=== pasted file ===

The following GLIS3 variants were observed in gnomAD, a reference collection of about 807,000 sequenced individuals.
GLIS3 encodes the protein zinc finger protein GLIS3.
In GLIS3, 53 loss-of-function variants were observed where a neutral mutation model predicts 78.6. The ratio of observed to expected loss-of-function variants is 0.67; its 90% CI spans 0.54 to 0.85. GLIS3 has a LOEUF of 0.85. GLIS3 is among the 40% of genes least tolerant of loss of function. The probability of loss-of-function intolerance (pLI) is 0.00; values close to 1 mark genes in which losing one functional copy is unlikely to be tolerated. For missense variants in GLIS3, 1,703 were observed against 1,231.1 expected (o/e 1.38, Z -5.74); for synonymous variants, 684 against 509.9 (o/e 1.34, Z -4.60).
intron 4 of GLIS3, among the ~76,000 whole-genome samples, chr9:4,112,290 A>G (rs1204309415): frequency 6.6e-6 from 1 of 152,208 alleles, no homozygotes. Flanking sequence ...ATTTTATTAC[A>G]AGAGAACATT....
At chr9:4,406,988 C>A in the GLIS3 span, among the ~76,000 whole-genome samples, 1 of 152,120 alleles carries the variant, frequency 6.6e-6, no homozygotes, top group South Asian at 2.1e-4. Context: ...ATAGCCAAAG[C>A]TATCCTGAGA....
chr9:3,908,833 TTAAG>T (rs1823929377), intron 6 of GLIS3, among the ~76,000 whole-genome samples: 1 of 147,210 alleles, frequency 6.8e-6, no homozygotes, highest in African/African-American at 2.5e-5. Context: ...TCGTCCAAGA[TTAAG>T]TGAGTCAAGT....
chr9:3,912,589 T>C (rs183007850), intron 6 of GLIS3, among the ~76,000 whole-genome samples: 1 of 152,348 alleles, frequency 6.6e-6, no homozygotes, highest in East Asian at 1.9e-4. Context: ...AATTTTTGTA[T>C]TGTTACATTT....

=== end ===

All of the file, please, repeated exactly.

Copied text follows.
The following GLIS3 variants were observed in gnomAD, a reference collection of about 807,000 sequenced individuals.
GLIS3 encodes the protein zinc finger protein GLIS3.
In GLIS3, 53 loss-of-function variants were observed where a neutral mutation model predicts 78.6. The ratio of observed to expected loss-of-function variants is 0.67; its 90% CI spans 0.54 to 0.85. GLIS3 has a LOEUF of 0.85. GLIS3 is among the 40% of genes least tolerant of loss of function. The probability of loss-of-function intolerance (pLI) is 0.00; values close to 1 mark genes in which losing one functional copy is unlikely to be tolerated. For missense variants in GLIS3, 1,703 were observed against 1,231.1 expected (o/e 1.38, Z -5.74); for synonymous variants, 684 against 509.9 (o/e 1.34, Z -4.60).
intron 4 of GLIS3, among the ~76,000 whole-genome samples, chr9:4,112,290 A>G (rs1204309415): frequency 6.6e-6 from 1 of 152,208 alleles, no homozygotes. Flanking sequence ...ATTTTATTAC[A>G]AGAGAACATT....
At chr9:4,406,988 C>A in the GLIS3 span, among the ~76,000 whole-genome samples, 1 of 152,120 alleles carries the variant, frequency 6.6e-6, no homozygotes, top group South Asian at 2.1e-4. Context: ...ATAGCCAAAG[C>A]TATCCTGAGA....
chr9:3,908,833 TTAAG>T (rs1823929377), intron 6 of GLIS3, among the ~76,000 whole-genome samples: 1 of 147,210 alleles, frequency 6.8e-6, no homozygotes, highest in African/African-American at 2.5e-5. Context: ...TCGTCCAAGA[TTAAG>T]TGAGTCAAGT....
chr9:3,912,589 T>C (rs183007850), intron 6 of GLIS3, among the ~76,000 whole-genome samples: 1 of 152,348 alleles, frequency 6.6e-6, no homozygotes, highest in East Asian at 1.9e-4. Context: ...AATTTTTGTA[T>C]TGTTACATTT....